Running the Gauntlet – Deep below the surface of the Mediterranean lie the physical remains of one of the most audacious naval operations of World War II. Time has softened the outline of what was once a British warship, HMS Manchester, but it has not stilled the passions roused by its controversial loss. For not only was an 11,000 ton ship sunk, but so too was the official reputation and career of her highly decorated captain, Harold Drew, DSC. Hidden amongst the wreckage on the sea-bottom are clues to what really happened during the heat of battle.
The cruiser Manchester was a key participant in the most powerfully-armed Allied convoy of World War II, sent in a desperate effort to relieve the beleaegured island of Malta. 60 years later, the film shows unique footage from the first ever diving expedition to its shattered hull some 80 metres down and seeks to find out the truth behind the sinking of HMS Manchester in the night of the 12th August 1942. It asks why the incident still causes anguish and resentment amongst the captain’s family and survivors alive today. Probing recently released records of the court martial, the film will ask how a man who saved over 900 lives came to be pilloried and condemned by the Naval establishment.
The heavily armed HMS Manchester was one of a total of over fifty warships guarding fourteen freighters carrying vitally needed supplies to the island fortress of Malta. The heavily defended convoy ran a gauntlet of over 700 enemy aircraft, numerous submarines and torpedo boats, as well as battleships of the Italian navy. Success or failure of the convoy’s mission would determine the course of the war in the Mediterranean.
The cost was enormous, ship after ship was hit and sunk, and many lives were lost. To the relief of Malta and the Allies, five of the freighters eventually made it: the island was saved. Had Malta fallen to the Axis forces, Montgomery might not have achieved his decisive victory against Rommel at El Alamein and the subsequent invasions of North Africa and Italy might never have happened.
In spite of Captain Drew’s valiant efforts during three days of continual fighting, HMS Manchester was one ship that did not make it to Malta. In the dead od night and off the coast of North Africa she was torpedoed by Italian E boats. Left crippled and vulnerable to further attack, with a minefield on one side and the shallow coast on the other, she was no further use to the convoy. Rather than see her top secret radar fall into enemy hands and to safeguard the lives of her crew, the Captain, Harold Drew, decided to abandon ship and scuttle her. For what the Admiralty saw as negligently and prematurely sinking his ship, he was never allowed another command and spent the rest of his life under a cloud of suspicion that he had failed both his ship and country.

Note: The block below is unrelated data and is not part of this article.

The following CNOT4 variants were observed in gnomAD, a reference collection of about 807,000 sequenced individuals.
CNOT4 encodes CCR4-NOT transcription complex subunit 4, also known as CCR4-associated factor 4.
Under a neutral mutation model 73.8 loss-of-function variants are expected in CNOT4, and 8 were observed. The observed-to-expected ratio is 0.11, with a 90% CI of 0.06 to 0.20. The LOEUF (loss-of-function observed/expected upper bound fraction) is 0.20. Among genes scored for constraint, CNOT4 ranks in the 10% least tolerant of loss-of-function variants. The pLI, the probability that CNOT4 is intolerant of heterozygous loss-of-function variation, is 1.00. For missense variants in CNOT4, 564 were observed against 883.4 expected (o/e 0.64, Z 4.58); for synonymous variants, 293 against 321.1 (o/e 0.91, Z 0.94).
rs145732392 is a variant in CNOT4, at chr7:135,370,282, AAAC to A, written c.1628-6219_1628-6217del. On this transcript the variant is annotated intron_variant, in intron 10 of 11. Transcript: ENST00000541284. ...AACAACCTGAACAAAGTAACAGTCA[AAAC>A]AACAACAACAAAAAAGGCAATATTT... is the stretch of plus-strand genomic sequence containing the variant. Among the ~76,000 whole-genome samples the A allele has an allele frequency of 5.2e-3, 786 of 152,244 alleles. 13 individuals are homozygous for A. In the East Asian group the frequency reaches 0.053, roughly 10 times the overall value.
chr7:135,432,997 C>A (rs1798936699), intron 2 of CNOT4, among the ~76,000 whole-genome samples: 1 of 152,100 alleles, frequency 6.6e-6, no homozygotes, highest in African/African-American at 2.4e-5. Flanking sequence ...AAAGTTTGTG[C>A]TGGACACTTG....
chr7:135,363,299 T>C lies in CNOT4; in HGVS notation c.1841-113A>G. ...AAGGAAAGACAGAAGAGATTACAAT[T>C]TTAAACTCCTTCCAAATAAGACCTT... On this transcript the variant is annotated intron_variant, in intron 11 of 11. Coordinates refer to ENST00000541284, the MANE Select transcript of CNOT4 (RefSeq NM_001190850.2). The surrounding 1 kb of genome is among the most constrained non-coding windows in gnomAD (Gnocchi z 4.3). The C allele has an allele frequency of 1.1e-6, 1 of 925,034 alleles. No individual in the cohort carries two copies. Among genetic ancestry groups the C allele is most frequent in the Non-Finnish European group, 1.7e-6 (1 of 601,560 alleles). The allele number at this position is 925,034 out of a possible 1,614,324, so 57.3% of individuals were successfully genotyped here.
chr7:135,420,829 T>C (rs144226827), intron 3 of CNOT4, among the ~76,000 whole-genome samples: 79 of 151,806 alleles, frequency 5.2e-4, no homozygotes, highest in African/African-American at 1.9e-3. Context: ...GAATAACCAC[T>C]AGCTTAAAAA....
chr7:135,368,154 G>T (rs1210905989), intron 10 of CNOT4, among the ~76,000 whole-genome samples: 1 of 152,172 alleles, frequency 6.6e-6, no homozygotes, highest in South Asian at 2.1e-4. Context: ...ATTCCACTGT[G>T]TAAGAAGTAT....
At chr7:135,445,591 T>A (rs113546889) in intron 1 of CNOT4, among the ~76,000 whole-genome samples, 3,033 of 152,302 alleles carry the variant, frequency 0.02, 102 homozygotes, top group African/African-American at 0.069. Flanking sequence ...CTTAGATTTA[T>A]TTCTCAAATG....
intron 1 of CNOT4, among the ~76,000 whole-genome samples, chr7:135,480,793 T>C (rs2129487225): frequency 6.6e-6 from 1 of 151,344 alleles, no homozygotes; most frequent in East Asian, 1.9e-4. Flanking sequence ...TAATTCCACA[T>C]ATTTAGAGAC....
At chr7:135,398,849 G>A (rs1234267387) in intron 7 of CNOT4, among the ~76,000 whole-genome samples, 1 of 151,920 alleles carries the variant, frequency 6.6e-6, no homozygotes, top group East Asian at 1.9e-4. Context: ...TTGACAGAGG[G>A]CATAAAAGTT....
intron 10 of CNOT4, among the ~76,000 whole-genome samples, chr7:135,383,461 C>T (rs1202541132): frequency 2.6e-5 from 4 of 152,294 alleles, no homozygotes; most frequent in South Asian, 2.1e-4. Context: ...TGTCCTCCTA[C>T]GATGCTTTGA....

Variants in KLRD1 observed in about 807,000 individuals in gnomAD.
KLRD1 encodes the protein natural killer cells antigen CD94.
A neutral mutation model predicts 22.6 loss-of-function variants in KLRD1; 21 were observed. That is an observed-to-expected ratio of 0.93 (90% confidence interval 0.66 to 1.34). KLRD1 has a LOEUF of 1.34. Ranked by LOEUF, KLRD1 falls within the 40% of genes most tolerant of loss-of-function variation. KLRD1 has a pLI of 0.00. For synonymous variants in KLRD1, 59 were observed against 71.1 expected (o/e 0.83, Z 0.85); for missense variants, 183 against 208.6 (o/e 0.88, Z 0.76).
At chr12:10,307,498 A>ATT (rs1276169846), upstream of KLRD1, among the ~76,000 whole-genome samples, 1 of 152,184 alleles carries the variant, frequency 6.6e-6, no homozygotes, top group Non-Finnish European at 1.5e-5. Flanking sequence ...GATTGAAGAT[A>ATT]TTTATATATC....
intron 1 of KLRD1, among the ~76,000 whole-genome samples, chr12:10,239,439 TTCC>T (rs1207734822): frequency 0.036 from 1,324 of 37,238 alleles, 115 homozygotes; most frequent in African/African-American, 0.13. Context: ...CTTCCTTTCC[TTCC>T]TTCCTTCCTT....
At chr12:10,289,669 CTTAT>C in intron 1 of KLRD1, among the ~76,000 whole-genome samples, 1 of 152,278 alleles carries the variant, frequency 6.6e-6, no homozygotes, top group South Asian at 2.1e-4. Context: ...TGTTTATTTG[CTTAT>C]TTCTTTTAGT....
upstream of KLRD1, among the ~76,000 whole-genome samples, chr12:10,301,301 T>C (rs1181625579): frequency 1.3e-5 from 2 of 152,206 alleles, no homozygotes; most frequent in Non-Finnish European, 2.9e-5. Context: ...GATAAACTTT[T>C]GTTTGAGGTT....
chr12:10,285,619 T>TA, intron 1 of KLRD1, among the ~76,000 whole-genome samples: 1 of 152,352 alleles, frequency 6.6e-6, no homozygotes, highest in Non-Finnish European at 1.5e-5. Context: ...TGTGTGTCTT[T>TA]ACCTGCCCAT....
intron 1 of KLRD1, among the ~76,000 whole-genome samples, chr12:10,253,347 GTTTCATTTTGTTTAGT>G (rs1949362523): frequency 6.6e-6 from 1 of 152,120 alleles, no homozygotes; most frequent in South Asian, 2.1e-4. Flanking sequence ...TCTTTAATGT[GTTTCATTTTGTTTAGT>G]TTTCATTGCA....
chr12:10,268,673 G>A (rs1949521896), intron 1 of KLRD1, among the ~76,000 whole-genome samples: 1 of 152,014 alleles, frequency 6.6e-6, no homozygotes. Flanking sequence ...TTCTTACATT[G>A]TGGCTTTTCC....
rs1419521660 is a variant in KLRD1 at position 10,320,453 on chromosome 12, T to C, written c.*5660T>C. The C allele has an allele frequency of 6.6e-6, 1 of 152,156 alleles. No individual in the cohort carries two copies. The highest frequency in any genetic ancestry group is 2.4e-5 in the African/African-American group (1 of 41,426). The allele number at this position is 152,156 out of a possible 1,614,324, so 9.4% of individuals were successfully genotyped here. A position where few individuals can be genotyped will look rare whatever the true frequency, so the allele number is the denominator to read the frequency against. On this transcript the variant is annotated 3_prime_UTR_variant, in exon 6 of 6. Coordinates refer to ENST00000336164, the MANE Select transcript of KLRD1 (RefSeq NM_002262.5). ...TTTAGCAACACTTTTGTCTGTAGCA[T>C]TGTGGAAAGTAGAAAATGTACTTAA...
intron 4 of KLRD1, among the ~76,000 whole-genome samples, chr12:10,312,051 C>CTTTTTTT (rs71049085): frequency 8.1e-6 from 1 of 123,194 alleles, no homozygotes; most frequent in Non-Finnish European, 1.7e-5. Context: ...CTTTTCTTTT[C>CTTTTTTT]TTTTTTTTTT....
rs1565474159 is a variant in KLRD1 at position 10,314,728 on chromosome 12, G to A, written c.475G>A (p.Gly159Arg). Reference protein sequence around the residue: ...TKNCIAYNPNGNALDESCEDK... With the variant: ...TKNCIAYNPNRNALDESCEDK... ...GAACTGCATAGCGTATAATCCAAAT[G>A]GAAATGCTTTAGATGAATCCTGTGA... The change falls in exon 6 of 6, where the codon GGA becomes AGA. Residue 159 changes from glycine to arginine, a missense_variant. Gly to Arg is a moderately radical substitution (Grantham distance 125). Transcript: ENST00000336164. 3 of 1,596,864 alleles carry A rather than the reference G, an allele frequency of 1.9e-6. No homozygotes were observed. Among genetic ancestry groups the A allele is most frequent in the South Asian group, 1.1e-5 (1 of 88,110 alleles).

Sixty years on, his family and surviving members of his crew still believe that Captain Drew was the victim of a miscarriage of justice. The recent release of the trial records show that even the naval authorities at the time were unhappy with the way the court martial was conducted. Add the fresh evidence gained on the first diving expedition to the wreck of the Manchester and the family and survivors feel it is now time to restore the good name of Captain Drew.
Additional Underwater camera
ANDREW M LEE
DR ERIC GROVE,
CENTRE OF SECURITY STUDIES,
UNIVERSITY OF HULL
Location services – Tunisia
SURVIVORS OF HMS MANCHESTER
FAMILY OF CAPTAIN HAROLD DREW
IMPERIAL WAR MUSEUM
US NATIONAL ARCHIVES AND ADMINISTRATION
THE FAMILY OF MR W.BUTLER
MALTA TOURIST AUTHORITY
2002 ANGLO-MALTESE TECHNICAL DIVING EXPEDITION
CREW OF THE PRINCESS DUDA
CUSTOM DIVERS LTD
HASKELL ENERGY SYSTEMS LTD
POSEIDON DIVING SYSTEMS
JEREMY McWILLIAMS & JOHNO DE VILLIERS, THE MUSTARD FILM COMPANY
Produced & Directed by